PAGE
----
Often readers of my novel “Divine Murder,” ask how I dreamt up the idea of physically killing God. I always confess it hit me like the proverbial thunderbolt. I was sitting on top a park bench in Ocala, FL, itching with the desire to write a new novel, but searching for a unique plot. Abruptly the “god is dead” quote from Nietzche popped into my mind. Hmm . . . philosophically one can certainly make a case, but what if it could be done physically?
Abruptly there burst the unique plot idea. What indeed if one could physically kill the Almighty? Quickly this concept led to interesting plot dilemmas for the author to solve. Primarily, if one could physically kill God, who on earth could possibly want to commit such a foul act? Was it insane, or could any good feasibly come from the despicable deed? Could be fun to solve this particular dilemma!
Who would be the Adam and Eve at the opposite pole of my tale? I alighted on names for the human protagonists, Zoe and Warren.
Next I realized, okay if there were a reasonable, good outcome from killing God, and if I created a group of characters capable of fulfilling the mission, then what could be the scientific methodology of getting the job done? Could be fun constructing the omnipotent bullet!
Lastly I saw there grew an interesting theological angle, from an agnostic point of view – if God could indeed be physically killed, then beyond a shadow of doubt, it proved He existed. This appealed to the agnostic in me, a stance I debated throughout my adult life.
So this was the origin of “Divine Murder.” Readers tell me it logically falls together quite well, this solving of all the dilemmas. In fact my favorite email regarding the novel came from a gentleman in France, who — tongue in check — complained how once he started the novel, it kept him up all night and far into the morning, compelling him to see how it all ended.
Writers live for these comments.
Ward Kelley’s Blog
In Divine Murder, “Ordog apparently realized it missed these easy human targets and they weren’t crushed dead under its foot. It spied them running toward a door in the near wall. But before the beast struck again, Ahriman sprinted from the computer area and leaped on the monster’s ankle. “read more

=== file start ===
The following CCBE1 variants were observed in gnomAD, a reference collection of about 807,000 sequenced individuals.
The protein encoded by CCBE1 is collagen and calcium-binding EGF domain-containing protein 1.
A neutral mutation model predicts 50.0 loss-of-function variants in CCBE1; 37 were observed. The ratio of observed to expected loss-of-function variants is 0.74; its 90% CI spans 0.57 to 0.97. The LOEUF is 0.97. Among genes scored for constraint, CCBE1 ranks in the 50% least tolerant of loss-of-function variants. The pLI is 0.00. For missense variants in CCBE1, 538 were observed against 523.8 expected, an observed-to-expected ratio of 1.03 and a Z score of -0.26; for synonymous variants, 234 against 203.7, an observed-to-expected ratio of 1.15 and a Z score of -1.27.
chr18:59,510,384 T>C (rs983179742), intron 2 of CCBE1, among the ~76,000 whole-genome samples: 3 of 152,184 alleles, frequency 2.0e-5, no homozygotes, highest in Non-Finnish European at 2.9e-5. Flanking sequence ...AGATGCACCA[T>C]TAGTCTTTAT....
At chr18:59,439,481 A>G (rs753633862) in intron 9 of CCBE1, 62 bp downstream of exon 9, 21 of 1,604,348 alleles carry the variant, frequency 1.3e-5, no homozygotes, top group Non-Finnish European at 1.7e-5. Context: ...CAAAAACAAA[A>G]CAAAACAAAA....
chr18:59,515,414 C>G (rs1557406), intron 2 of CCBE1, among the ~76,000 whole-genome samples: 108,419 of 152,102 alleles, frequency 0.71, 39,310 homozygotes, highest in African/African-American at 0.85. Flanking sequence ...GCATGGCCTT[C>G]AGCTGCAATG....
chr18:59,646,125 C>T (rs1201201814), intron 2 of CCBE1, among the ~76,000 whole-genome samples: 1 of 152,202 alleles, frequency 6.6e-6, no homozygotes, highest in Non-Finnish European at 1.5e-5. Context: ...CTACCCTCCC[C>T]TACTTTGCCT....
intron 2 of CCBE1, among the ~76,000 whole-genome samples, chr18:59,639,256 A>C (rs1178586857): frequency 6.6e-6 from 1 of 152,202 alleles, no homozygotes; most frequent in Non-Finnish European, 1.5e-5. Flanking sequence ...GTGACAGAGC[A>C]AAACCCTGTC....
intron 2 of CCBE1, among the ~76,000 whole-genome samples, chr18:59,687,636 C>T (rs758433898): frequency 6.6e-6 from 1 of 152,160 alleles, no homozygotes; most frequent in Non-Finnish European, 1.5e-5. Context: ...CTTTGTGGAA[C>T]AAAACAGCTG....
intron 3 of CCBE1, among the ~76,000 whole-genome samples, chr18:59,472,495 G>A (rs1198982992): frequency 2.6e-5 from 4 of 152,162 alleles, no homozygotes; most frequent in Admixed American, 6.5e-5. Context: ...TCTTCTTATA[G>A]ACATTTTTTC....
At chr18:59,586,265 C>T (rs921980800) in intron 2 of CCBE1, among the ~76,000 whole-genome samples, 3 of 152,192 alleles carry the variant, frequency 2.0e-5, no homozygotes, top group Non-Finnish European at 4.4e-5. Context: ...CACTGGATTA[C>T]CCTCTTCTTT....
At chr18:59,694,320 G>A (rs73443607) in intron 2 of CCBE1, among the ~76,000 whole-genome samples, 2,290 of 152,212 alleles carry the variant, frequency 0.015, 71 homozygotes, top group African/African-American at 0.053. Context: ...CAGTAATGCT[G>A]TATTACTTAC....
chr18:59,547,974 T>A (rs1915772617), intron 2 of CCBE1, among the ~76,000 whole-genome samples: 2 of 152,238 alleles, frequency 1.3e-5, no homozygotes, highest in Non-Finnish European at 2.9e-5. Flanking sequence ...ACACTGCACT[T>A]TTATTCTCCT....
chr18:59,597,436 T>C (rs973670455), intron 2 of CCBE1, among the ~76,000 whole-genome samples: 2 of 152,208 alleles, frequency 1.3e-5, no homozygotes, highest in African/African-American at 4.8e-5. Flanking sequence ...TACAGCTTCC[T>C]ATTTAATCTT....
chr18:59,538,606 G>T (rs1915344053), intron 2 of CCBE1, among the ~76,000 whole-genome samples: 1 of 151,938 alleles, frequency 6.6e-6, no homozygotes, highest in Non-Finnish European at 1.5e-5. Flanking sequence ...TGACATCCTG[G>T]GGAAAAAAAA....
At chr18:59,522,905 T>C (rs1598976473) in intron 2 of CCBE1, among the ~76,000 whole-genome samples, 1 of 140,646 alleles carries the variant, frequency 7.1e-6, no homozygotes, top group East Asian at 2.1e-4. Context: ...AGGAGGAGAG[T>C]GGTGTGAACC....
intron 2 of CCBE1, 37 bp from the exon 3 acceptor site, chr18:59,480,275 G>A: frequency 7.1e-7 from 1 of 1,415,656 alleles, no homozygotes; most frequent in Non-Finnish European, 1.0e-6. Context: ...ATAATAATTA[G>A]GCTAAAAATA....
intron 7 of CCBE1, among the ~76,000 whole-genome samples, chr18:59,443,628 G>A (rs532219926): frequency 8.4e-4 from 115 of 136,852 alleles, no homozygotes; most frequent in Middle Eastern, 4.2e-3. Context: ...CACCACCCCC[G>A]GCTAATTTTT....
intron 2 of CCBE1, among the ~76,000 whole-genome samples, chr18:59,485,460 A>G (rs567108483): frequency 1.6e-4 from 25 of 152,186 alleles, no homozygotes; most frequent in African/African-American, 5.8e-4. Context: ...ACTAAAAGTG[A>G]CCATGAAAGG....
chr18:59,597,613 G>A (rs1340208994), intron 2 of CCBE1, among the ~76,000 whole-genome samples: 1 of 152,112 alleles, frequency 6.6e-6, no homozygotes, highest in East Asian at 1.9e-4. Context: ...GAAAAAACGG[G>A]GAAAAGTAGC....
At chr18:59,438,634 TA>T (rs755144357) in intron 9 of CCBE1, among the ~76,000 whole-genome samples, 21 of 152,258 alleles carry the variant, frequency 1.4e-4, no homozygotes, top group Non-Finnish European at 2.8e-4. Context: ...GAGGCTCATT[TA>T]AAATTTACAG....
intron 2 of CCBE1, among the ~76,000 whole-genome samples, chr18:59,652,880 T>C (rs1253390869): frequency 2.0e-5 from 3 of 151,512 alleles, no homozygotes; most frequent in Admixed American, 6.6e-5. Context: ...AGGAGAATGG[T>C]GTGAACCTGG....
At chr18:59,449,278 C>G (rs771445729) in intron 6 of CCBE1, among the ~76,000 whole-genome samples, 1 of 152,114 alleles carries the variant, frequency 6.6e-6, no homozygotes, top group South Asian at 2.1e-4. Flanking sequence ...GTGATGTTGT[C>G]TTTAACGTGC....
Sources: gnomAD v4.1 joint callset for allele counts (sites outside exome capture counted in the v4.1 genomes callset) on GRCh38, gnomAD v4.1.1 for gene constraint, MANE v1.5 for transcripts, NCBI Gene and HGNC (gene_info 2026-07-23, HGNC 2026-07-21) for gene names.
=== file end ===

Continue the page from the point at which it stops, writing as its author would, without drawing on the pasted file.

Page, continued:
Elisha Porat was a Hebrew poet and writer who said he’d never thought about writing poetry until he was a solider in the War of Yom Kippur in 1973. The war and even the death of Porat’s father inspired him to begin writing poetry non-stop.read more
Her soul touches me
down to the Middle of my core
Is there more to the Universe
than the middle of her soul?
Her soul is more to me
than I see in the Middle
of Humanity’s combined souls.
As I rummaged through notes I made 15 years ago, I came across some I made about the inventor of the Dewey decimal System. Where this might appear odd coming from a poet, I think you might agree this note overflows with the essence of poetry. See what you think:read more
The study of reincarnation and the understanding of it within different religions is much more complex. But, the information here in these short descriptions is meant to illustrate the idea that reincarnation is something more than what most, who don’t practice the religions, will ever understand without much study.read more
Emily Dickinson is an American poet who wrote about life, love, nature and time and eternity. She was born in Amherst, Massachusetts in 1830. Except for a short time at Mont Holyoke Seminary, she lived with her parents and younger sister for most of her life. Her brother and his wife lived next door.read more
“Our protagonist wonders if it were possible to physically engage with an angel. Two problems present themselves here: where does one find an angel, and then wouldn’t his strength overpower her? She solves both problems in the song.”
Two angels, one of Life and one of Death,
Passed o’er our village as the morning broke;
The dawn was on their faces, and beneath,
The sombre houses hearsed with plumes of smoke.
A few famous reincarnation quotes.read more